Comedy is hard. Very hard. Not everyone can do it, me included.
Okay, so occasionally something slips through and provokes a chuckle, but generally it just doesn’t happen for most of us. (Me included, just in case you thought I was trying to be funny.)
Which brings me to parody accounts on Twitter.
One of the joys of Twitter is that there are few barriers to entry. Anyone (even machines or countries) can create accounts and be tweeting to their heart’s content about whatever they like. And that’s good. Except when the intention is be funny – and failing.
This has been a common theme on Twitter for some time. Comedy in 140 characters should be easy as it focuses the mind. But it isn’t. And here are three reasons why I think I’m right:
Shell’s Social Media Team, tweeting as @ShellisPrepared. I’ve taken issue with this campaign already, so I won’t go over it again. Unlike the BP PR feed, this has no wit or intelligence to it. Which is a shame as it could have been witty and clever. Now it’s a parody of itself, constantly pretending that people care. They don’t. The follower count has been dropping for days.
We’re Jamming (Not)
Accounts that parody items you’ll find in everyday life can also work well. They can, with the right person behind them, tap into the universal truths about both how people view them and how they might act if they were a human and not a piece of furniture or machinery. Printers in offices, for examples. Except this one, @HP_LaserJet, attempting to make people laugh with bon mots about an HP LaserJet. One paper jam, repeated ad nauseum, doth not a witty social media account make.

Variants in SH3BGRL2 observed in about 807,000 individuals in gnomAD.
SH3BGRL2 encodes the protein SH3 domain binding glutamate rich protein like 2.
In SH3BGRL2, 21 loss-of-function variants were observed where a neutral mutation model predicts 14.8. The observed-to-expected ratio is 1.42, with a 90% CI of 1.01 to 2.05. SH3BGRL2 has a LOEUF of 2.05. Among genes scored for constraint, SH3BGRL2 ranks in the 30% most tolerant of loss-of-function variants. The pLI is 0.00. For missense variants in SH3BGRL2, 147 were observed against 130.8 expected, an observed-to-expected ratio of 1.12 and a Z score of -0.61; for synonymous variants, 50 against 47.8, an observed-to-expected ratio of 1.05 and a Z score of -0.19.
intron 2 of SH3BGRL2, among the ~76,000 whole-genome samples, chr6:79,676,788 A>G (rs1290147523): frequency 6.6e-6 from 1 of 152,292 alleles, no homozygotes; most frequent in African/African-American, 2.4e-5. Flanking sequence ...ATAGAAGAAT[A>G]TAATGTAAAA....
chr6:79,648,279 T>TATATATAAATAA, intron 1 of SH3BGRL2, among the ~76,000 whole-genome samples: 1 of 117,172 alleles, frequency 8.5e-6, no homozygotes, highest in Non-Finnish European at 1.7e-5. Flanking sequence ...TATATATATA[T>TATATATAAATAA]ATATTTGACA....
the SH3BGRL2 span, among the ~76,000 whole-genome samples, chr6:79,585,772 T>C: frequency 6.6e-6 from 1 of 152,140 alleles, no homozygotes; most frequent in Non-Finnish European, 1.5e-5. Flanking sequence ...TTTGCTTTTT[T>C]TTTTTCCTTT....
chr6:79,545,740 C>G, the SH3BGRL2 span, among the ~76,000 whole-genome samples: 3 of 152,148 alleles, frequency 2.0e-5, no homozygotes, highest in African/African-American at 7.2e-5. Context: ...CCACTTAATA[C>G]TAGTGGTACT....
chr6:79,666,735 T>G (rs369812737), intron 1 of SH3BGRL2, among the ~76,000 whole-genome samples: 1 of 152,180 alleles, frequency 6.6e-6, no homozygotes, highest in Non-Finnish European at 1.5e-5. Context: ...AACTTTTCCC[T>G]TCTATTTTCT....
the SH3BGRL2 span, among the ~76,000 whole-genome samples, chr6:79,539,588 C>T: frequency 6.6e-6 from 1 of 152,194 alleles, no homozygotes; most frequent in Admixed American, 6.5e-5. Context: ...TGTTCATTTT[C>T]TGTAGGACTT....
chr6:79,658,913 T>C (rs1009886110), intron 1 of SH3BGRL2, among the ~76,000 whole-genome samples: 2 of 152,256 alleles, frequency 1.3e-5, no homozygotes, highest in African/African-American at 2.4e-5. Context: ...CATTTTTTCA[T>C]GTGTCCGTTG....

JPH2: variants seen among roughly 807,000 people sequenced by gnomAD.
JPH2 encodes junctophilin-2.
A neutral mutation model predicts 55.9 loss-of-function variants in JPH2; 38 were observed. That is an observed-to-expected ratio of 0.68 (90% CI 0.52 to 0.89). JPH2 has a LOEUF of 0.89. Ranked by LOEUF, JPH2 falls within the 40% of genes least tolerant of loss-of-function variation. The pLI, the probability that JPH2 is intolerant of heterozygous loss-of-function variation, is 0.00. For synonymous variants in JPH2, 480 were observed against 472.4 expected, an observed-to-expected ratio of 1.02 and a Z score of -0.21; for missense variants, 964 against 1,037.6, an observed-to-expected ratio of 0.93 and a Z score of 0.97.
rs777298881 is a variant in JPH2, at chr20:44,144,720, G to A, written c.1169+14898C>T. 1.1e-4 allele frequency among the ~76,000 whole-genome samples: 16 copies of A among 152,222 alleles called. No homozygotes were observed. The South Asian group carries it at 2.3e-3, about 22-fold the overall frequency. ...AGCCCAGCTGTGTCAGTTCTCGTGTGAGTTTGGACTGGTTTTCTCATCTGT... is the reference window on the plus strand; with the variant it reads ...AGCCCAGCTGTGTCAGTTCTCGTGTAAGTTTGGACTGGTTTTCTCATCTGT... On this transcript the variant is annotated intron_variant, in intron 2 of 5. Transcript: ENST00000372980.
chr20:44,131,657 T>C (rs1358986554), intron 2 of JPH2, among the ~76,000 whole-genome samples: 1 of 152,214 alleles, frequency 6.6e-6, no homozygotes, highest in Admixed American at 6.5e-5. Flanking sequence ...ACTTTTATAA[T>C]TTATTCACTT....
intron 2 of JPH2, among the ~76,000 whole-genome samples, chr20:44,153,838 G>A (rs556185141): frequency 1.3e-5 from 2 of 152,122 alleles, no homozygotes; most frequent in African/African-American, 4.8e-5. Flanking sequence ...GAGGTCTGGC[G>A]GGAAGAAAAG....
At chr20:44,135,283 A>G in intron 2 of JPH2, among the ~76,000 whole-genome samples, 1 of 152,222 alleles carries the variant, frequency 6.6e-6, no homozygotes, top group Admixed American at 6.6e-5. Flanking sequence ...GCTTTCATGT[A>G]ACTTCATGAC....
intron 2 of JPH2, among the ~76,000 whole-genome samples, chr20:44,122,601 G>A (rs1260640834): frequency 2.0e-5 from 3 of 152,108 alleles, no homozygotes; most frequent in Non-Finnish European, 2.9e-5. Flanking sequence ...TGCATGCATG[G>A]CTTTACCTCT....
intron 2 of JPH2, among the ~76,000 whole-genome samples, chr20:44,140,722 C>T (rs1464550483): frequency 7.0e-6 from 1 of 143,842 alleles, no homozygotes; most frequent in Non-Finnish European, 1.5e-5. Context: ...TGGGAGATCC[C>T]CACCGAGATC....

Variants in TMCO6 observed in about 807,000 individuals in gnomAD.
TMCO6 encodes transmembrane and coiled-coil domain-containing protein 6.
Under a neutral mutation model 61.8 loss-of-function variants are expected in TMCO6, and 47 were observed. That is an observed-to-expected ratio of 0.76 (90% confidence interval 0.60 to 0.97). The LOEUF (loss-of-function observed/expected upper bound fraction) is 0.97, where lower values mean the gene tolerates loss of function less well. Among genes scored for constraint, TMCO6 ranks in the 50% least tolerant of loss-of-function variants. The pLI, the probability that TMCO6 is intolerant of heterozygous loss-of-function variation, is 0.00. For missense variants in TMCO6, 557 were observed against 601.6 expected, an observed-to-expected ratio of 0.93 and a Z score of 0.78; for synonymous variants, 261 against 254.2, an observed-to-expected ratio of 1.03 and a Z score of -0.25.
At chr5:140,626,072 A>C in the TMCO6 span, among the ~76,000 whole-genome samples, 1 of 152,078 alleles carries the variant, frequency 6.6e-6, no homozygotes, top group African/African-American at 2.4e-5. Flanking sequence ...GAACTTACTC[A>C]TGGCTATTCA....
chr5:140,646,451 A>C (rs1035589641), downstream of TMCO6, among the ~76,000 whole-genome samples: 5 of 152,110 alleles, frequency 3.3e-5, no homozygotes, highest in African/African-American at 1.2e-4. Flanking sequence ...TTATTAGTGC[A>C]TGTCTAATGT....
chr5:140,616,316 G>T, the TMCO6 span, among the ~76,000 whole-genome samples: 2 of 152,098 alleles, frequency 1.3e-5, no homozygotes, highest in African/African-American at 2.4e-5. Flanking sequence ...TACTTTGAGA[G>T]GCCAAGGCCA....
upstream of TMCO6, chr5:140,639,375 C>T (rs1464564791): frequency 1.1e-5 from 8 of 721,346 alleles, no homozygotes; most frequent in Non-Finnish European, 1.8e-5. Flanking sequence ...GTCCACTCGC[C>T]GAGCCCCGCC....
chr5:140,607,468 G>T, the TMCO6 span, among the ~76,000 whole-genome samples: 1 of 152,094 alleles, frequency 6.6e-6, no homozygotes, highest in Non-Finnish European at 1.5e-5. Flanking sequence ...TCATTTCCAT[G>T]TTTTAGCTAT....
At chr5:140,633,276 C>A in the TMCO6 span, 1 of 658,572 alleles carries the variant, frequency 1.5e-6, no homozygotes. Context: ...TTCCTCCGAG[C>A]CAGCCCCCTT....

Sit Down (But Shut Up)
Which brings me to the final one proving that being funny is harder than it looks: @OlympicSeat. This has so much potential. Except whoever is running it hasn’t got the ideas to make it work – at least not yet. They could be talking about who might sit on them, comment on what’s happening (from its supposed unobstructed view, for example), perhaps even comment on the McDonald’s ad that appears to be wittier than this parody. Anything. A day old and already running out of steam. How long before the (current) 13,000 followers dwindle?
Is it actually poor writing and a lack of wit that lets these accounts down? I think not. It appears to be that someone wanted to get in first, created the account within minutes of having the idea and then didn’t think about what would happen if lots of people followed them, or what strategy they should employ to keep the joke going.
And there it is, the reason why it’s not working: no strategy there. Just a simple and initially hilarious idea. Yet no thoughts about how it could play out.